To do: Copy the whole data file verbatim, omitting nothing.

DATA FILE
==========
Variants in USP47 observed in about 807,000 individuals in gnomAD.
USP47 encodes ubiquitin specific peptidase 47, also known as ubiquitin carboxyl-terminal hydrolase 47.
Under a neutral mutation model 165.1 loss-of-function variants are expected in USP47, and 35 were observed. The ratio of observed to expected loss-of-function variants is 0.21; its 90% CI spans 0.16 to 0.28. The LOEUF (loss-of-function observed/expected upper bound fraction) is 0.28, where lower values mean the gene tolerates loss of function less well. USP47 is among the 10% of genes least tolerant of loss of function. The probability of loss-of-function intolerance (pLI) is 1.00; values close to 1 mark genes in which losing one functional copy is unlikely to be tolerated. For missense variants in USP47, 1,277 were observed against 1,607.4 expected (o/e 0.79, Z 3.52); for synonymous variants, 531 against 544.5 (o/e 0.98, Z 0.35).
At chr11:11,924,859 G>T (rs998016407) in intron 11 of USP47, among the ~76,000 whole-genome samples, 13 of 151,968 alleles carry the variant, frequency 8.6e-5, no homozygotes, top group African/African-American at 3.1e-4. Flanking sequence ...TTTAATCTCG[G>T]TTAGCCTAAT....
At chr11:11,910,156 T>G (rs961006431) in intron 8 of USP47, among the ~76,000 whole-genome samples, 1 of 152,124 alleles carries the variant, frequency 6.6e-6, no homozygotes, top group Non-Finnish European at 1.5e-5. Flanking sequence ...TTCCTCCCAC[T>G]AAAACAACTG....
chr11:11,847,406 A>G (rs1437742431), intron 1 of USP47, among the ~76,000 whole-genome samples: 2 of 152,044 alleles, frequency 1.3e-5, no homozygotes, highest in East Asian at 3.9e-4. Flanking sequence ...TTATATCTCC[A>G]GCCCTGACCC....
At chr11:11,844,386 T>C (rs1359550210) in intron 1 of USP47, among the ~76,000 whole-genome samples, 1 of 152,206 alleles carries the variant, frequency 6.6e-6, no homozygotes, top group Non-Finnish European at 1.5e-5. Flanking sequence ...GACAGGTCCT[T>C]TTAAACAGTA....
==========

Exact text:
Variants in USP47 observed in about 807,000 individuals in gnomAD.
USP47 encodes ubiquitin specific peptidase 47, also known as ubiquitin carboxyl-terminal hydrolase 47.
Under a neutral mutation model 165.1 loss-of-function variants are expected in USP47, and 35 were observed. The ratio of observed to expected loss-of-function variants is 0.21; its 90% CI spans 0.16 to 0.28. The LOEUF (loss-of-function observed/expected upper bound fraction) is 0.28, where lower values mean the gene tolerates loss of function less well. USP47 is among the 10% of genes least tolerant of loss of function. The probability of loss-of-function intolerance (pLI) is 1.00; values close to 1 mark genes in which losing one functional copy is unlikely to be tolerated. For missense variants in USP47, 1,277 were observed against 1,607.4 expected (o/e 0.79, Z 3.52); for synonymous variants, 531 against 544.5 (o/e 0.98, Z 0.35).
At chr11:11,924,859 G>T (rs998016407) in intron 11 of USP47, among the ~76,000 whole-genome samples, 13 of 151,968 alleles carry the variant, frequency 8.6e-5, no homozygotes, top group African/African-American at 3.1e-4. Flanking sequence ...TTTAATCTCG[G>T]TTAGCCTAAT....
At chr11:11,910,156 T>G (rs961006431) in intron 8 of USP47, among the ~76,000 whole-genome samples, 1 of 152,124 alleles carries the variant, frequency 6.6e-6, no homozygotes, top group Non-Finnish European at 1.5e-5. Flanking sequence ...TTCCTCCCAC[T>G]AAAACAACTG....
chr11:11,847,406 A>G (rs1437742431), intron 1 of USP47, among the ~76,000 whole-genome samples: 2 of 152,044 alleles, frequency 1.3e-5, no homozygotes, highest in East Asian at 3.9e-4. Flanking sequence ...TTATATCTCC[A>G]GCCCTGACCC....
At chr11:11,844,386 T>C (rs1359550210) in intron 1 of USP47, among the ~76,000 whole-genome samples, 1 of 152,206 alleles carries the variant, frequency 6.6e-6, no homozygotes, top group Non-Finnish European at 1.5e-5. Flanking sequence ...GACAGGTCCT[T>C]TTAAACAGTA....